This season should hurt. It should be very difficult because we are weak and fallen. If we have chosen something that is only mildly difficult then we have misunderstood what rending our hearts and returning the Lord truly means. Eastern Catholics embrace a form of fasting and abstinence that seeks to bring the body into submission to the much higher soul. They essentially spend the season vegan and only eat one meal a day with only a slight shift on weekends. Many religious communities practice austere fasting not only during Lent, but in the period between the Feast of the Exaltation of the Holy Cross and Easter. In fact, more dedicated fasting practices were widespread in previous centuries. The Lord has used these practices to help raise up countless saints. It is something we need to reclaim in the Latin Rite. The lay faithful are capable of much more than the bare minimum. Eastern Catholics prove this every year.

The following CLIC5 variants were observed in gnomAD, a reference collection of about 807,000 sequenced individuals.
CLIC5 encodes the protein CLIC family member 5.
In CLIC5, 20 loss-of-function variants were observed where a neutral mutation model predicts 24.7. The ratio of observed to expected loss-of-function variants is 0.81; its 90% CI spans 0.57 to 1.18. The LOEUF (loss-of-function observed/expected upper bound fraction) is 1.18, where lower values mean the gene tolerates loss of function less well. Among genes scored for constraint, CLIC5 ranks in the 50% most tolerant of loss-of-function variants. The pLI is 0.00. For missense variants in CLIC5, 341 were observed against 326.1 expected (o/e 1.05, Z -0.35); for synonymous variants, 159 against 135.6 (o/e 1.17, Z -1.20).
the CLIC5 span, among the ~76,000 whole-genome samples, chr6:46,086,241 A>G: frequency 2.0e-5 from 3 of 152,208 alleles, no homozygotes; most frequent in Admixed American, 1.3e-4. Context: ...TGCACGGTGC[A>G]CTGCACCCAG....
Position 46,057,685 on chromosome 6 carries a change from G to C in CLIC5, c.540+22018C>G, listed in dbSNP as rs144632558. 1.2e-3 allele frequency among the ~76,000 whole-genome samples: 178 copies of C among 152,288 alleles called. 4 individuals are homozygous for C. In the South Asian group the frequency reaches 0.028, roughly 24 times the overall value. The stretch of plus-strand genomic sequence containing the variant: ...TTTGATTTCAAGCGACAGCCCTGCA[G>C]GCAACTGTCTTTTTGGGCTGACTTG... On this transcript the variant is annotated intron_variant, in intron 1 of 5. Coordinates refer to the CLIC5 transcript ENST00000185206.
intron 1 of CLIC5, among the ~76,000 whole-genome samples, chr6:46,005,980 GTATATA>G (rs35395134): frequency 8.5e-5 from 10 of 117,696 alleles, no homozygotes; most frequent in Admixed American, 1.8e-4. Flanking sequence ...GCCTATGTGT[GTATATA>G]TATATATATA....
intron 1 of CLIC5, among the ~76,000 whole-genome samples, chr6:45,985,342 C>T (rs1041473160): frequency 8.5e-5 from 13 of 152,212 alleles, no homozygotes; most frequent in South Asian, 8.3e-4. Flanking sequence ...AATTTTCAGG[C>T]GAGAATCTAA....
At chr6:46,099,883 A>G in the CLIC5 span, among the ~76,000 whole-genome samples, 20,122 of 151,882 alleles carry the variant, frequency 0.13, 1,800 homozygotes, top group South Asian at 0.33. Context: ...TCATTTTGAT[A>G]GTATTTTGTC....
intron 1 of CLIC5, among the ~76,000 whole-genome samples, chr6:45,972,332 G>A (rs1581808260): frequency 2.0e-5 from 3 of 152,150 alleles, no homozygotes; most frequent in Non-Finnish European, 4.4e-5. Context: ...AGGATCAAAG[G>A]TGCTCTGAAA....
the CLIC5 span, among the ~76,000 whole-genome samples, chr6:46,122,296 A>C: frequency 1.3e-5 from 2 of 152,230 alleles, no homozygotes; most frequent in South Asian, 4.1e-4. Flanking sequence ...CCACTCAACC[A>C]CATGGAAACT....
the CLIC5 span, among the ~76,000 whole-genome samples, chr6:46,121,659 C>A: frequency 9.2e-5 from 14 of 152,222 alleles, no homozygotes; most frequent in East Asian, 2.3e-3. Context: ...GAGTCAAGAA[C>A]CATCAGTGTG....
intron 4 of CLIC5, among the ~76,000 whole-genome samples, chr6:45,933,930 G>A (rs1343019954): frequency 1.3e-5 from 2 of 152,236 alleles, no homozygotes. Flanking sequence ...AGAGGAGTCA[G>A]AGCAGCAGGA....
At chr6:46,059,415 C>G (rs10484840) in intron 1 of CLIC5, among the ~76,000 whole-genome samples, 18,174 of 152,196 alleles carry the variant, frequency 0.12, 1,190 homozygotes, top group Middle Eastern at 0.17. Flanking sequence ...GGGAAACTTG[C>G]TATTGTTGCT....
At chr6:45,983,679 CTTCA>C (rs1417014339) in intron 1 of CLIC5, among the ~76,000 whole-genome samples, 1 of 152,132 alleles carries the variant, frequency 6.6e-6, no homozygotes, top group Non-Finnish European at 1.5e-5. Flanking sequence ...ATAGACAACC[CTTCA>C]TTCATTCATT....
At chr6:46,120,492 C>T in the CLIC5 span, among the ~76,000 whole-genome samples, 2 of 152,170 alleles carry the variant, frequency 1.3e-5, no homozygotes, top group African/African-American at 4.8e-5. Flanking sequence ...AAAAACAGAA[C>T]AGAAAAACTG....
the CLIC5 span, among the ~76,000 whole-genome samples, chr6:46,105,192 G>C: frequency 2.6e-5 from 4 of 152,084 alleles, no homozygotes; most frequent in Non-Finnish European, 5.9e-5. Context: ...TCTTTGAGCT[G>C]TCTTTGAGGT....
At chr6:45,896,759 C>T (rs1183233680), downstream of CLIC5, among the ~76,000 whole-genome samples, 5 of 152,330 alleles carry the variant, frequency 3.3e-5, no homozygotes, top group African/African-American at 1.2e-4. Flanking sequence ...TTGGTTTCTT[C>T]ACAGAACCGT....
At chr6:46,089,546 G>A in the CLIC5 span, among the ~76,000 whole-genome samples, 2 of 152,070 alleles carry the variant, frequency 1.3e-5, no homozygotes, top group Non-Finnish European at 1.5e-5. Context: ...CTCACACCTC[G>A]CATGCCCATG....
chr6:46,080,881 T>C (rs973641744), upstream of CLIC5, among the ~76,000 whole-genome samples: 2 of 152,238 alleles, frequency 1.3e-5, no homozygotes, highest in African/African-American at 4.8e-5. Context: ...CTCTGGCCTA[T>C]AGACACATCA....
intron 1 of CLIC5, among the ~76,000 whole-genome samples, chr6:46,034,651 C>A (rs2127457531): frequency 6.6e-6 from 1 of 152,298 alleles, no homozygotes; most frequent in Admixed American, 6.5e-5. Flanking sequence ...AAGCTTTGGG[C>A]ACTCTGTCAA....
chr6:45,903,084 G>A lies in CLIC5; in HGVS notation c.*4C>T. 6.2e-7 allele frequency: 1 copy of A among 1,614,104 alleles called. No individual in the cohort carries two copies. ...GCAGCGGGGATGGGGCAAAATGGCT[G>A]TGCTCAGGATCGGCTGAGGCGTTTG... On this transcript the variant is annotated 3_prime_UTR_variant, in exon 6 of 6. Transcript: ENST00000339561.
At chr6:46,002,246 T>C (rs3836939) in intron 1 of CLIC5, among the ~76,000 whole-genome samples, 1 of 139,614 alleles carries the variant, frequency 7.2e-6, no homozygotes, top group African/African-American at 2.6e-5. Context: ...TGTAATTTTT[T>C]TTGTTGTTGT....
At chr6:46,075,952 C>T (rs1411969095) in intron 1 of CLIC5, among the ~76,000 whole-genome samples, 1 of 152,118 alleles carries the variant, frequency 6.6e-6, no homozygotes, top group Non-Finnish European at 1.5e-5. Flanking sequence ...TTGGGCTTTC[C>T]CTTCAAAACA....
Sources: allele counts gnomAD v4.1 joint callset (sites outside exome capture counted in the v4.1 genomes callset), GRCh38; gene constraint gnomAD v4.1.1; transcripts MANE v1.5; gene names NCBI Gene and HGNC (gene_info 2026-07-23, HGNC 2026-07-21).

As hard as it seems at times, we do not walk this period of prayer, fasting, and almsgiving alone. The Lord pours out graces as we put more and more effort in. He wants us to encounter our utter weakness because it is in weakness that we begin to rely on Him not ourselves. Self-reliance is a lie that is a major obstacle to holiness. Our fasting leads to deeper encounter when we relinquish self-reliance. The freedom we attain by His grace then guides our prayer to a more profound union with the Most Holy Trinity. All of the spiritual masters have taught that we cannot progress in prayer without fasting and detachment. Self-denial is a non-negotiable aspect of growing in sanctity.

Encountering our weakness is painful and difficult. The Lord knows this, which is why He’s given us each other in the Church to help along the way. Our brothers and sisters are praying for us this Lent. Friends of mine enrolled my family and me in 40 Days of Masses, prayer, and penances with the Discalced Hermits of Our Lady of Mount Carmel. These men who have given their lives entirely to the Lord in prayer and sacrifice are offering their Lent for those enrolled through their website. These men live dedicated asceticism through fasting, penances, sacrifices, obedience, poverty, and celibacy.